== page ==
Journalist Exposed as Front for Extreme Right

Jennifer Joan Lee, a correspondent for the International Herald Tribune and the neo-con mouthpiece the Washington Times, has recently been promoting French Interior Minister Nicholas Sarkozy in articles such as one entitled "A French Leader with an American Dream." Lee is among those foreign correspondents who contributed to creating the false impression that all France was burning during the November 2005 riots and that the army, helicopters, and police were deployed all over the place, hunting the "Muslim" extremists.

In several of her articles, Lee extensively quoted the secretary general and the president of a police union called Action Police, which is part of a national union, CFTC, whom she had interviewed. Le Monde of Nov. 17 reported that Action Police—which, just as the riots broke out, was pressuring for the Army to deploy against actions which they claimed were provoked by radical Islamists and criminals in contact with al-Qaeda—is actually controlled by extreme right-wingers. Its president, Jean Christophe Carme, is the former head of the Independent Professional Federation of Police (FPIP), a union similarly composed.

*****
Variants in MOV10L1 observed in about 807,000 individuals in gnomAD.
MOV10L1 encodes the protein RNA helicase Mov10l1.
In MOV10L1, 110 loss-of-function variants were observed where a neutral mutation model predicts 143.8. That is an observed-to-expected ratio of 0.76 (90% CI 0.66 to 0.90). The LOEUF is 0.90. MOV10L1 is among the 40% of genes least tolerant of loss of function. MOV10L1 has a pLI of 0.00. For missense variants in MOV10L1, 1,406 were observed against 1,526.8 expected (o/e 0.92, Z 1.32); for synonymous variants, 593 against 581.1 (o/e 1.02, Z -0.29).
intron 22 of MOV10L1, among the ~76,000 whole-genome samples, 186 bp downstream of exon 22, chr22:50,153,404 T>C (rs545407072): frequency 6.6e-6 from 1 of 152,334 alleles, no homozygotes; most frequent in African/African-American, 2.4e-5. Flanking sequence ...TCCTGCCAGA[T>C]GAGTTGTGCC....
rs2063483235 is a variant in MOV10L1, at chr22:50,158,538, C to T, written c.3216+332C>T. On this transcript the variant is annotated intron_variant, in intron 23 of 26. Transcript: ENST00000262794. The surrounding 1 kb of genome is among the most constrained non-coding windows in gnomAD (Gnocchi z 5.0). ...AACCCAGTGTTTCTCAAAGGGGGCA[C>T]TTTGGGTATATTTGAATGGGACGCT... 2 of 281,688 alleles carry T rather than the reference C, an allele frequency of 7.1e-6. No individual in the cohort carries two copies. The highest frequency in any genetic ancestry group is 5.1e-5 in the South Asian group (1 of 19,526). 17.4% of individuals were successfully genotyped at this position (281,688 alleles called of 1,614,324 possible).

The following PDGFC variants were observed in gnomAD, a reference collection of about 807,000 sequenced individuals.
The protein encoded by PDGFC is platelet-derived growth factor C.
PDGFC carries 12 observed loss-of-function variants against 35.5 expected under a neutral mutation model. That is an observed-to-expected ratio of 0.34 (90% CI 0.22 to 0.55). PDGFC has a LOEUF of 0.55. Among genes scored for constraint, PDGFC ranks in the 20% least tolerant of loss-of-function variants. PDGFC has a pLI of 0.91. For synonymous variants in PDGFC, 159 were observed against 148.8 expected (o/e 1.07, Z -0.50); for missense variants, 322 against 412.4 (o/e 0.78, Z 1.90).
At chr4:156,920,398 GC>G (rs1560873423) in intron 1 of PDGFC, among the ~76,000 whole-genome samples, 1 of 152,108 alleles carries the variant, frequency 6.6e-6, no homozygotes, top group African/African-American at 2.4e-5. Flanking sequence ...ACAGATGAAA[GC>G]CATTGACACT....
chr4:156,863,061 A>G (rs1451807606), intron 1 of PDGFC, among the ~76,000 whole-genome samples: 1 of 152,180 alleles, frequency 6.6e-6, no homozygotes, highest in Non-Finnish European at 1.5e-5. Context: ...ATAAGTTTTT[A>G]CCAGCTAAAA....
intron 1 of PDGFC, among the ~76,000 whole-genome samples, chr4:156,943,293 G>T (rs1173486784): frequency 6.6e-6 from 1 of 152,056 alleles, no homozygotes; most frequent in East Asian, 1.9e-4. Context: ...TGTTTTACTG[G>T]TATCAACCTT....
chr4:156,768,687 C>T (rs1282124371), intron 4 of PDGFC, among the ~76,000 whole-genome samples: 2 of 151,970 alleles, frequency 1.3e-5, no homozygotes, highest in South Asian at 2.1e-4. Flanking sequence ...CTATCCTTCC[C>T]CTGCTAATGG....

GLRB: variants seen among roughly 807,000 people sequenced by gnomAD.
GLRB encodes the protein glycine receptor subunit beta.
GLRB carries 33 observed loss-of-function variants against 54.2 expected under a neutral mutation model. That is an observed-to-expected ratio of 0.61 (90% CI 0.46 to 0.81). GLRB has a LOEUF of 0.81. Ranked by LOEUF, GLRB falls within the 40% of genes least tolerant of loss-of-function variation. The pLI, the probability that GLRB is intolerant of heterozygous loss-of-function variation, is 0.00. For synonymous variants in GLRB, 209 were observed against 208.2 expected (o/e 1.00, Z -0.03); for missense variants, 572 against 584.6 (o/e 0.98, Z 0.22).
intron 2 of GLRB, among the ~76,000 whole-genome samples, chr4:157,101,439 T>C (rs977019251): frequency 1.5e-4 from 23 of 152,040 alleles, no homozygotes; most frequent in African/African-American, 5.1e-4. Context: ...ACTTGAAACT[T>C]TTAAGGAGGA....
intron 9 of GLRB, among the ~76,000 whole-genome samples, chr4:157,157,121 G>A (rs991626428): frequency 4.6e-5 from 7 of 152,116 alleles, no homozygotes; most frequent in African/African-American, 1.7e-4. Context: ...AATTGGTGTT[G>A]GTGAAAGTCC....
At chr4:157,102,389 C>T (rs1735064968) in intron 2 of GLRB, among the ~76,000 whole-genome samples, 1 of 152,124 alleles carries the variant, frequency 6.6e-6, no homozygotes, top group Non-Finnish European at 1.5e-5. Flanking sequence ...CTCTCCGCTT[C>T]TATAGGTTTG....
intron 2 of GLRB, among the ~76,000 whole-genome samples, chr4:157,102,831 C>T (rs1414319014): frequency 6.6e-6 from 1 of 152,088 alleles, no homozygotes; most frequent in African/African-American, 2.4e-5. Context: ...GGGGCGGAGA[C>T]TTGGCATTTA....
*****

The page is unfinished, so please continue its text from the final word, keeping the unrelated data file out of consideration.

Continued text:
Charge U.S. Pressuring Reporters To Keep Torture Secret

In releasing his report to the Council of Europe Jan. 24 on whether there are secret detention/torture centers in Europe, Dick Marty, who headed the Council's inquiry, stated that he is sure the American press—which exposed the CIA torture centers in Eastern Europe in November—is withholding information because they have been pressured by the Bush-Cheney Administration government to keep quiet. By the same token, Romania and Poland have denied these torture camps exist, but, Marty states, he is wary of their denials. This, because both countries are part of the Iraq war "coalition of the willing," and "escaped long dictatorships thanks largely to the American intelligence services." Marty plans to continue his probe.